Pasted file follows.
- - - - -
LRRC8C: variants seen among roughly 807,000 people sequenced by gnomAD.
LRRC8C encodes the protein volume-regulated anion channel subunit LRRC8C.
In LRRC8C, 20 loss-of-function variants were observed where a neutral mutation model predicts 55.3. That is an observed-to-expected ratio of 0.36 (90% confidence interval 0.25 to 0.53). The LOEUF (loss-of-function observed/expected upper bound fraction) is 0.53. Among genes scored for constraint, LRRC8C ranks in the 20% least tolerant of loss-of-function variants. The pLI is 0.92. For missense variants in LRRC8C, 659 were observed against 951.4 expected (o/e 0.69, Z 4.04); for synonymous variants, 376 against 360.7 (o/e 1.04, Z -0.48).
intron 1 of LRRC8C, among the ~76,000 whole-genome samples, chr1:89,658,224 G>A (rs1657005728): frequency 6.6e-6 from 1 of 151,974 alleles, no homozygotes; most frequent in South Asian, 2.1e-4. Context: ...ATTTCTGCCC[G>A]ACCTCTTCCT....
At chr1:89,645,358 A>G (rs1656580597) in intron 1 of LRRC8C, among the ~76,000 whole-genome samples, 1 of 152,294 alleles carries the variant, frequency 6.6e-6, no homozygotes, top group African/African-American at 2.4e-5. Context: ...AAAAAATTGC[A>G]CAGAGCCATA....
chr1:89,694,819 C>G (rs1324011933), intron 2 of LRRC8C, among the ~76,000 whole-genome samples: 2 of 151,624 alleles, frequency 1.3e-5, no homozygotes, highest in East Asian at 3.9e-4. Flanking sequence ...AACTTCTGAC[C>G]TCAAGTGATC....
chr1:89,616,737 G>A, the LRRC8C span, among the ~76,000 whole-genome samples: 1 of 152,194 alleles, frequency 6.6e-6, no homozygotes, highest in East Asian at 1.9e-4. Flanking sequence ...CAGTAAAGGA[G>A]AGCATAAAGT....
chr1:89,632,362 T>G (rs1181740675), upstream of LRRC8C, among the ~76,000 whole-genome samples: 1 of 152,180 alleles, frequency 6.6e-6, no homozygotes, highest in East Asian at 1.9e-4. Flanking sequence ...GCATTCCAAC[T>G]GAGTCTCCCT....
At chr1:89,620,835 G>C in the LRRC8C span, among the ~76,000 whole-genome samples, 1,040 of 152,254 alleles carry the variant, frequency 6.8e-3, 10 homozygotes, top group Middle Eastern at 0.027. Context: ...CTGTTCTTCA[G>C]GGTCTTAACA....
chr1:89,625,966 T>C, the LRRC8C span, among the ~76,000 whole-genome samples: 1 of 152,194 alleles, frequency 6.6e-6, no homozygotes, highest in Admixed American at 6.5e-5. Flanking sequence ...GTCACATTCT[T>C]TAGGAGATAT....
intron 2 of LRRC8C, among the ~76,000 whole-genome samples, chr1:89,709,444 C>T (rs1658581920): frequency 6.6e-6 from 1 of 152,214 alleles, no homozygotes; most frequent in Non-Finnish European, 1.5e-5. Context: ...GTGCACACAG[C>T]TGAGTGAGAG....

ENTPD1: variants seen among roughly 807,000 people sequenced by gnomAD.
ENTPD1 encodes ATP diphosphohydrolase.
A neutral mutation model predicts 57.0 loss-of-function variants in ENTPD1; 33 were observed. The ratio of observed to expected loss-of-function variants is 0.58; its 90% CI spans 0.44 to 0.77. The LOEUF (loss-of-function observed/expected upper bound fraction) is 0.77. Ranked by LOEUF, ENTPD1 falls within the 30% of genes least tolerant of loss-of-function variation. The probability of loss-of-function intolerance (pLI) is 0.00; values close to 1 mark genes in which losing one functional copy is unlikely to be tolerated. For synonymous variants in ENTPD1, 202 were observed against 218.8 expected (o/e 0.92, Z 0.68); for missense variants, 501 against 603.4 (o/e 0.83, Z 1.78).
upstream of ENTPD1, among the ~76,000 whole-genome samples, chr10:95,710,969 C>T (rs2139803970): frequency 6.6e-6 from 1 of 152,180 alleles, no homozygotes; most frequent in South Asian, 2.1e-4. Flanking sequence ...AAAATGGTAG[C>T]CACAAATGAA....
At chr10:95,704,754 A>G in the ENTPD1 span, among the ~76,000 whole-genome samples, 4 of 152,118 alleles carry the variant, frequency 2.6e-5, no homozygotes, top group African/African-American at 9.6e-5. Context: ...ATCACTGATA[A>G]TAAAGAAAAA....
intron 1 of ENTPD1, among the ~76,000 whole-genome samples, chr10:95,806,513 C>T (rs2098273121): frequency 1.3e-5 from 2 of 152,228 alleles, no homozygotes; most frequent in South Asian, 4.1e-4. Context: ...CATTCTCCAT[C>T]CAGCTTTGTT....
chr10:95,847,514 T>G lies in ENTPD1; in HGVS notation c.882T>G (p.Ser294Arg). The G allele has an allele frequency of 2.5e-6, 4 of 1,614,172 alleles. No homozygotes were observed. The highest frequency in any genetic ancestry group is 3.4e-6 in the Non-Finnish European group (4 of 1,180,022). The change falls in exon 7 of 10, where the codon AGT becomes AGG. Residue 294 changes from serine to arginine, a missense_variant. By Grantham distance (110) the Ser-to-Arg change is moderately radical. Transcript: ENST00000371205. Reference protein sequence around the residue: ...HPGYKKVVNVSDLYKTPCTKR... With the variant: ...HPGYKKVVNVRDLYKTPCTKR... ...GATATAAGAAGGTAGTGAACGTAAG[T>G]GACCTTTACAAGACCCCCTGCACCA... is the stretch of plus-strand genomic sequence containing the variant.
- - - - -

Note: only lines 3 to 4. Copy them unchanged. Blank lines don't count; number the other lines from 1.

In LRRC8C, 20 loss-of-function variants were observed where a neutral mutation model predicts 55.3. That is an observed-to-expected ratio of 0.36 (90% confidence interval 0.25 to 0.53). The LOEUF (loss-of-function observed/expected upper bound fraction) is 0.53. Among genes scored for constraint, LRRC8C ranks in the 20% least tolerant of loss-of-function variants. The pLI is 0.92. For missense variants in LRRC8C, 659 were observed against 951.4 expected (o/e 0.69, Z 4.04); for synonymous variants, 376 against 360.7 (o/e 1.04, Z -0.48).
intron 1 of LRRC8C, among the ~76,000 whole-genome samples, chr1:89,658,224 G>A (rs1657005728): frequency 6.6e-6 from 1 of 151,974 alleles, no homozygotes; most frequent in South Asian, 2.1e-4. Context: ...ATTTCTGCCC[G>A]ACCTCTTCCT....